Nov. 28 (UPI) -- Crude oil prices were lower early Wednesday after being near flat in the previous session, with traders' attention focused not just on the release of inventory data by the EIA, but also news on interest rates.
West Texas Intermediate, or WTI, front-month crude oil prices were 1.2 percent lower at $50.92 just before 10:00 a.m. EST while Brent front-month futures traded at $59.68, or 1.2 percent lower at the same time.
"This market is still a bear and continues to show signs clawing it's way lower, yet still," John Thorpe, a commodity broker at Los Angeles-based Cannon Trading, told UPI.
"Jerome Powell speaks at 12 noon EST at the Economic Club of New York. His outlook for rates will necessarily have a domino effect on crude prices," he added.
An increase in U.S. interest rates would make the dollar stronger compared with other currencies. Since most oil transactions worldwide, as well as futures, are in U.S. dollars, a strengthening of the greenback would make oil more expensive, and potentially affect demand worldwide.
In addition, there are renewed worries regarding the possibility of trade disputes between the world's two biggest economies possibly worsening and contributing to a potential economic slowdown, which would also affect crude oil demand.
"[U.S. President Donald] Trump added to fears over weakening demand, saying in a Wall Street Journal interview that he'll likely go ahead with plans to increase tariffs on $200bn of Chinese goods if negotiations with Chinese leader Xi Jinping fail to produce a trade deal," according to a report sent to UPI by Jack Allardyce, an oil and gas analyst at Cantor Fitzgerald.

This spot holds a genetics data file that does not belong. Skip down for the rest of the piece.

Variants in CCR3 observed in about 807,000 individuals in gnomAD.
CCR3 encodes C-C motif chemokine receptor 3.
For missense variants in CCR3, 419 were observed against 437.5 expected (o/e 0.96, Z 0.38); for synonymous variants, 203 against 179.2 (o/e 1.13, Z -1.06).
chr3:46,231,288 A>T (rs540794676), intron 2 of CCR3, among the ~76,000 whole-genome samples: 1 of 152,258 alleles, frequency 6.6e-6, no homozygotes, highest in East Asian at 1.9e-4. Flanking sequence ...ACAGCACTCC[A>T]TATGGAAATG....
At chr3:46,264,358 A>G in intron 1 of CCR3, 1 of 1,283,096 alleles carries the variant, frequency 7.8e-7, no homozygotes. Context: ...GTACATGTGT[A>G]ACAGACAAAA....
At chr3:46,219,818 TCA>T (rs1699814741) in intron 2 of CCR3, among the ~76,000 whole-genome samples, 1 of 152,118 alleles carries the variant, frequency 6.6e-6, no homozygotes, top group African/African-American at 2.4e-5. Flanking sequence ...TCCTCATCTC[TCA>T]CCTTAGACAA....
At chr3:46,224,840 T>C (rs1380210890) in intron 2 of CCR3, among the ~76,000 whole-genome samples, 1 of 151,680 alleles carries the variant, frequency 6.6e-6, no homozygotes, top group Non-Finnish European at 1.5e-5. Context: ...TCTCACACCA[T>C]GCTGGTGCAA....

"All eyes are on the meeting of the leaders at the G20 in Argentina at the end of the week," he added.
The meeting will provide an opportunity for Chinese and U.S. leaders to potentially advance on trade issues. In addition, oil producing nations could reach accords to reduce oil production, particularly Saudi Arabia and Russian leaders. Russia and Saudi Arabia are two of the three biggest crude oil producers in the world, along with the United States.
There is a widespread expectation among traders that producing nations will announce over 1 million in production cuts by Dec. 6, when the OPEC oil cartel will meet in Vienna.
The American Petroleum Institute reported a build of 3.5 million barrels after the closing of the Tuesday session, the Cantor Fitzgerald report said. The EIA will release official inventory figures at 10:30 a.m. EST.